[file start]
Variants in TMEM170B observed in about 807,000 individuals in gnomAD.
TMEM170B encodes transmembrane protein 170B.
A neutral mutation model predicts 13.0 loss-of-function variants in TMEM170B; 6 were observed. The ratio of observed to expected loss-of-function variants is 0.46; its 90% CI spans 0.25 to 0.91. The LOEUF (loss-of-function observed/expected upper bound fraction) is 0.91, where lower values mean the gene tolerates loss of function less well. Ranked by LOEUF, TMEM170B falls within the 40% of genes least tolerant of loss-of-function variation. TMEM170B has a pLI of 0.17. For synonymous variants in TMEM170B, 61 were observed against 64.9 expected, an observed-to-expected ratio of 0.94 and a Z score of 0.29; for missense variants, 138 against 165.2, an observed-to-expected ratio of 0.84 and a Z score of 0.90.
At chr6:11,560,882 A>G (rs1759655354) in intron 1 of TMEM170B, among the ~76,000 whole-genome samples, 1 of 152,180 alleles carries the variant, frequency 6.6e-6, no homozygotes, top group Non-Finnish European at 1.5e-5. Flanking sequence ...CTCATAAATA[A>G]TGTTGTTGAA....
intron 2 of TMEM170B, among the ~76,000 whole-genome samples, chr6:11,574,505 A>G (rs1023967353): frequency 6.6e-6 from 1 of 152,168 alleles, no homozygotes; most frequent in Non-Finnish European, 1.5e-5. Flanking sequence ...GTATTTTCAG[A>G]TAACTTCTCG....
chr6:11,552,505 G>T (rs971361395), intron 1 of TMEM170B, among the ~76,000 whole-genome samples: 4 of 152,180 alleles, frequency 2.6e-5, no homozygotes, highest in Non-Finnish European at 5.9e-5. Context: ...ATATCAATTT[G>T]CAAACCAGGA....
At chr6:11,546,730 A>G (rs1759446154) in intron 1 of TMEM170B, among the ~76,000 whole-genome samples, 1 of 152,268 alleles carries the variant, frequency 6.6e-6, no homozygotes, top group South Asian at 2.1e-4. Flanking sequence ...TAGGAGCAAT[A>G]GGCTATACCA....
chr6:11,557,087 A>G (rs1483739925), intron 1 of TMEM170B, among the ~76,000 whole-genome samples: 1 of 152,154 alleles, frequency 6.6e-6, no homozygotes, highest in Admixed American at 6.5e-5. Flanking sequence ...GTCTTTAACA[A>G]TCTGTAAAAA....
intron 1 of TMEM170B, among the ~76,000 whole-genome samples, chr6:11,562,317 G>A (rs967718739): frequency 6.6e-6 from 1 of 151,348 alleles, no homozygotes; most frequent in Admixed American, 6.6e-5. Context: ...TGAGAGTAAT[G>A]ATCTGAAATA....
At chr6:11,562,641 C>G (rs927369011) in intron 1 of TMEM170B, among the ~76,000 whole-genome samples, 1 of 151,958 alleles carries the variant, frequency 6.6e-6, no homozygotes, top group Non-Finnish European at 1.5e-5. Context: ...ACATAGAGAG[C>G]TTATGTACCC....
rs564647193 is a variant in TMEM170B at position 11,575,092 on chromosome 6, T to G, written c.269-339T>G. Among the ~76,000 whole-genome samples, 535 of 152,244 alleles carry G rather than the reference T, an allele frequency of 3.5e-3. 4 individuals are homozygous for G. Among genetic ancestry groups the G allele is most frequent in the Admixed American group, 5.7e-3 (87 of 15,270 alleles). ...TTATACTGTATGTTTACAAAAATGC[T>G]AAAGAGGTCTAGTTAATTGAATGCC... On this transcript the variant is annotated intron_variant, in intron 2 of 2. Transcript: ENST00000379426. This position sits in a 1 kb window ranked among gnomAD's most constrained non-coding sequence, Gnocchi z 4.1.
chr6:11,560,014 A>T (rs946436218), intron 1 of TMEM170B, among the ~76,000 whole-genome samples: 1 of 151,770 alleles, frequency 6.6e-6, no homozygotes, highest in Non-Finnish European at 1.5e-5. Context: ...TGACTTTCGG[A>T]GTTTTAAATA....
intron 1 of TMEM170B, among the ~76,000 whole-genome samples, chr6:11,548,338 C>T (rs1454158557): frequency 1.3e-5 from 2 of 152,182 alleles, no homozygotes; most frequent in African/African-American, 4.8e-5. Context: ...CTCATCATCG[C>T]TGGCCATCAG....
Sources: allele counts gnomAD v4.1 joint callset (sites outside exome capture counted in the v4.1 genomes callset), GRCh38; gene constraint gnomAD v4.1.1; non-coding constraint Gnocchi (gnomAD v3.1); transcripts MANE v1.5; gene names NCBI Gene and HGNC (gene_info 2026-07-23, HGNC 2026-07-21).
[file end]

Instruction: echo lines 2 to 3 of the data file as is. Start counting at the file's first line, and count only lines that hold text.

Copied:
TMEM170B encodes transmembrane protein 170B.
A neutral mutation model predicts 13.0 loss-of-function variants in TMEM170B; 6 were observed. The ratio of observed to expected loss-of-function variants is 0.46; its 90% CI spans 0.25 to 0.91. The LOEUF (loss-of-function observed/expected upper bound fraction) is 0.91, where lower values mean the gene tolerates loss of function less well. Ranked by LOEUF, TMEM170B falls within the 40% of genes least tolerant of loss-of-function variation. TMEM170B has a pLI of 0.17. For synonymous variants in TMEM170B, 61 were observed against 64.9 expected, an observed-to-expected ratio of 0.94 and a Z score of 0.29; for missense variants, 138 against 165.2, an observed-to-expected ratio of 0.84 and a Z score of 0.90.